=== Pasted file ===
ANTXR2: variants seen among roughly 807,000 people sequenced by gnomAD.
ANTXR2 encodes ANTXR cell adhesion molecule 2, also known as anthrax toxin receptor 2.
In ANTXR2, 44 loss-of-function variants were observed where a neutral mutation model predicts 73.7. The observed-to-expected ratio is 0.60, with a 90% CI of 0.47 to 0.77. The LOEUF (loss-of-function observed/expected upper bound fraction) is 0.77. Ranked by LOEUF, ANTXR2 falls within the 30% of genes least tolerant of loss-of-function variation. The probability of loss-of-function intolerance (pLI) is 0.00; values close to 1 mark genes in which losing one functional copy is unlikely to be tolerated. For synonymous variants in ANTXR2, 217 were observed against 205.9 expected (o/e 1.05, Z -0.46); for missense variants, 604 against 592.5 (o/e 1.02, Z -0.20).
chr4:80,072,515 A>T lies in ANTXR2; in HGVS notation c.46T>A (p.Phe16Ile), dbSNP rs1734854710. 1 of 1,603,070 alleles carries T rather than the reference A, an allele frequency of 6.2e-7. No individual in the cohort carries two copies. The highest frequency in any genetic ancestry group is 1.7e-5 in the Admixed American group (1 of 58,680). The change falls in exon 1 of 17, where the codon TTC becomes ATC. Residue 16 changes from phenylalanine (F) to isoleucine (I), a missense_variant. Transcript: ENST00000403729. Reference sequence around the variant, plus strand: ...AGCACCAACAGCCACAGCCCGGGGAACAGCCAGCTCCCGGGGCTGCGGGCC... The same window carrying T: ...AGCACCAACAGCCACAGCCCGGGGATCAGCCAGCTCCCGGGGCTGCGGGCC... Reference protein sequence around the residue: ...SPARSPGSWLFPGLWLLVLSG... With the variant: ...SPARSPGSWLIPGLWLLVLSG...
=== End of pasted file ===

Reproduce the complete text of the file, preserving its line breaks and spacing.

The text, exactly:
ANTXR2: variants seen among roughly 807,000 people sequenced by gnomAD.
ANTXR2 encodes ANTXR cell adhesion molecule 2, also known as anthrax toxin receptor 2.
In ANTXR2, 44 loss-of-function variants were observed where a neutral mutation model predicts 73.7. The observed-to-expected ratio is 0.60, with a 90% CI of 0.47 to 0.77. The LOEUF (loss-of-function observed/expected upper bound fraction) is 0.77. Ranked by LOEUF, ANTXR2 falls within the 30% of genes least tolerant of loss-of-function variation. The probability of loss-of-function intolerance (pLI) is 0.00; values close to 1 mark genes in which losing one functional copy is unlikely to be tolerated. For synonymous variants in ANTXR2, 217 were observed against 205.9 expected (o/e 1.05, Z -0.46); for missense variants, 604 against 592.5 (o/e 1.02, Z -0.20).
chr4:80,072,515 A>T lies in ANTXR2; in HGVS notation c.46T>A (p.Phe16Ile), dbSNP rs1734854710. 1 of 1,603,070 alleles carries T rather than the reference A, an allele frequency of 6.2e-7. No individual in the cohort carries two copies. The highest frequency in any genetic ancestry group is 1.7e-5 in the Admixed American group (1 of 58,680). The change falls in exon 1 of 17, where the codon TTC becomes ATC. Residue 16 changes from phenylalanine (F) to isoleucine (I), a missense_variant. Transcript: ENST00000403729. Reference sequence around the variant, plus strand: ...AGCACCAACAGCCACAGCCCGGGGAACAGCCAGCTCCCGGGGCTGCGGGCC... The same window carrying T: ...AGCACCAACAGCCACAGCCCGGGGATCAGCCAGCTCCCGGGGCTGCGGGCC... Reference protein sequence around the residue: ...SPARSPGSWLFPGLWLLVLSG... With the variant: ...SPARSPGSWLIPGLWLLVLSG...